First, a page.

Social media has, by and large, become an amazing platform for self-expression where freedoms are nearly unbridled.
This free environment makes for a truly democratic space that connects the world and renders the borders that continue to divide nations and peoples obsolete, at least insofar as the platform is concerned. And unless you live in, say, China.
While Facebook has done a mighty awesome job in connecting people, our online behavior and how we manage the freedoms we are afforded have also caused unnecessary but expected division and discord.
I distinctly remember when Sandy Chiongbian-Gonzales encouraged me to join Facebook nearly a decade ago. She was calling me from Manila and that was her only agenda. I was at the stoop of Ayala’s Active Zone (it was still called Entertainment Center, if my memory serves me right), right outside what used to be Bo’s Coffee Club.
“I don’t think that’s for me, ’te Sands. I’m good with Friendster. Contrary to people’s perceptions, I’m actually a very private person and don’t feel comfortable sharing personal information on the internet like that.”
Yeah, right. I caved. I opened a Facebook account on November 2008, and my online existence has since opened doors to many opportunities. It has also gotten me into trouble not a few times.
Meanwhile, close to a decade has passed since I yielded to the pressure and finally joined Facebook. Friendster is no more. Facebook has transformed into a monster platform devouring anything in the way.
Now there’s the share button, reactions, live videos, Messenger, video calls, followers, filters, stories, and so many other features — all these when all I wanted then was no limits to the number of characters for the status update field.
Anyhow, while we’ve never been this up to speed with developments in the lives of our friends, family, and celebrities we wished were our friends or family, the voyeuristic culture social media has inadvertently developed has paved the way for people minding more of other people’s business.
And because other people’s business is also freely posted online for public scrutiny and consumption, the “minding” is done with more entitlement than ever before. “Why did you post it if you didn’t want people to react?”
A bunch of listicles have come out the past few years proffering advice on ideal online behavior, enumerating dos and don’ts when on Facebook.
Personally, I can’t bring myself to follow most of what these lists suggest, especially the recommendation to cease and desist from posting politically themed posts. I believe we’re way past that.
It might take a while before we’ve more mature dialogue online, but we’ve also made considerable headway (like never before) in elevating the level of public discourse through this medium.
That being said, I’ve come up with my own social media policy to guide my online behavior and presence.
My rule of thumb is to follow basic manners and common courtesy, but it’s really easier said than done.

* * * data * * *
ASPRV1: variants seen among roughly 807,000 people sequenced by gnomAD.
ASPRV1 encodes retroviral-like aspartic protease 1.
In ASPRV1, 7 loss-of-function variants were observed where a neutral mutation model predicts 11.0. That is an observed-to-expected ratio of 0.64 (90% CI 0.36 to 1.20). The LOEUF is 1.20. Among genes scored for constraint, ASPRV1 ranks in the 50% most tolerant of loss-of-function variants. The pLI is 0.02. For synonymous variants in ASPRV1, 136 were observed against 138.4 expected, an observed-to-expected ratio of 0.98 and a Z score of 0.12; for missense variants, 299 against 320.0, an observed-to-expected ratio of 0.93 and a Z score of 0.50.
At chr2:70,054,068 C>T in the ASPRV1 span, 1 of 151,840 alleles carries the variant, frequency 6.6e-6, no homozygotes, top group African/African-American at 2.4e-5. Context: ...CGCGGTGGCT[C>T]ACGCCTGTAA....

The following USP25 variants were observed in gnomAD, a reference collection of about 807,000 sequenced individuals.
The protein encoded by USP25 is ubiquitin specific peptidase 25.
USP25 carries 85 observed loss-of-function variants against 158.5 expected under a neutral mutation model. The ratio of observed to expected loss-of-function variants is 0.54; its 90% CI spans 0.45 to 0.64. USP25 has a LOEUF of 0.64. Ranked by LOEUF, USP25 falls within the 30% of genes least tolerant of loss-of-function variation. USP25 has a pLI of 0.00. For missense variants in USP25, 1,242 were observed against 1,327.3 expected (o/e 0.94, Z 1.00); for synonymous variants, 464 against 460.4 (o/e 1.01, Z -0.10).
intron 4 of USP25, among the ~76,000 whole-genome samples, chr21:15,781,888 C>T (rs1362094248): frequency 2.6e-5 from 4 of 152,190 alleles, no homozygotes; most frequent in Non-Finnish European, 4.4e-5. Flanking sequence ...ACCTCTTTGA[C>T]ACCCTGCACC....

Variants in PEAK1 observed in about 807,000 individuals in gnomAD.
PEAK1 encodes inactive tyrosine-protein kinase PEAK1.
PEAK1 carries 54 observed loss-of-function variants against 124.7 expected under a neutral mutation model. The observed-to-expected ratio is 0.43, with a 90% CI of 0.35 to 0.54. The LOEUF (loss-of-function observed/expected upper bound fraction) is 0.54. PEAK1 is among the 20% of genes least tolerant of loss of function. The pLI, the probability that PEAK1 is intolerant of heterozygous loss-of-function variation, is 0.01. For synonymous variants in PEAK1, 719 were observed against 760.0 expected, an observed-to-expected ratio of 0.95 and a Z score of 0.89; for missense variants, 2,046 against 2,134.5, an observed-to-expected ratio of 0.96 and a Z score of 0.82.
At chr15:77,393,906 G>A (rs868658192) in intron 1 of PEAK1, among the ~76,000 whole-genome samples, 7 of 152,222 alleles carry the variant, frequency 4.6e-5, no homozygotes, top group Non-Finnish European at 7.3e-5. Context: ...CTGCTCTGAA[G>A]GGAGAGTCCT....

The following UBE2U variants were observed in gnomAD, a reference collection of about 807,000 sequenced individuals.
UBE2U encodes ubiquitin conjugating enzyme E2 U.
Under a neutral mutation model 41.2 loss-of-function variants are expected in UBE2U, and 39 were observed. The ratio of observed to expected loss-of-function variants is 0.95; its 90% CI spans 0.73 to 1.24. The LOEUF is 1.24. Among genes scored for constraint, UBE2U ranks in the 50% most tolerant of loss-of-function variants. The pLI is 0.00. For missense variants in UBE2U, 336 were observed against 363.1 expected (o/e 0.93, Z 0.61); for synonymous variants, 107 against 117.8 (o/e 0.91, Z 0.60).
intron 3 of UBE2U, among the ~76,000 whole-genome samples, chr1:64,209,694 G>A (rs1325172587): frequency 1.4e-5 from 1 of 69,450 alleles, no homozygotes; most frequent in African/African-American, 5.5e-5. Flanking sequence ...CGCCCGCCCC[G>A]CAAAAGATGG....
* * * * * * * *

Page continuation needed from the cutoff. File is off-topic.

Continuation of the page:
Here’s a quick rundown of my FB non-negotiables:
1) Follow Facebook’s Community Standards (the site’s standards are actually pretty conservative and cover a great deal so it’s a good place to start).
2) Never be the first to block, unfriend, or unfollow friends, despite divergent political views. IQ AND EQ.
3) Unless you are close, never comment on other people’s posts to antagonize them for their political opinion. If you have to raise a valid counter argument, send your comments privately. Personal posts and jokes are fair game.
4) Of course you can delete comments, especially if these come from people who aren’t in your network and if they fail to observe proper decorum. It’s your timeline, and your timeline is like your home — you don’t let anyone leave a mess.
5) Never attack friends or anyone in your Facebook network. Only government officials/politicians, erring and unrepentant mainstream media, and other public personalities deserve to be called out. If you’ve complaints about private companies, pick up the phone and call the owner if you know them or lodge a complaint using the proper channels.
6) Never be baited into engaging in a fight online. Whether they attack you in your timeline or tag you in theirs, don’t ever allow yourself to get sucked into fighting in public. You’re better than that. When they attack and showcase troll behavior, your best course of action is to remain above it and keep quiet. Ignore.
The one time I violated rule 5, I truly regretted it. I felt ashamed of myself.
I called out prize-winning author Miguel Syjuco for using a fake post to criticize Mocha Uson on fake news.
Mocha’s personal account is also on my Facebook friends list. Anyway, I should’ve known better.
I could have easily messaged Miguel privately to point out the error instead of attacking him publicly. We’re all human; we all make mistakes, and I should’ve been more considerate.
My emotions got the better of me and my angry post quickly gained traction and became viral.
I have since apologized to Miguel privately, and he was gracious and magnanimous enough to accept my apology.
I’m reiterating my apology here for all the world to see.
I told Miguel that even if we have completely disparate political views, true to my personal policy, I have not unfollowed him and continue to read his posts and columns because I appreciate the way he writes. But that’s that. Lesson learned.
The aforementioned rules are my Facebook non-negotiables and I’ve tried to live up to those rules as best as I can, except for that one time. They are mine, not imposing them on you.
So if you’ve come up with your own (which I encourage you to do if you still haven’t), I’d appreciate it if you don’t impose them on me too.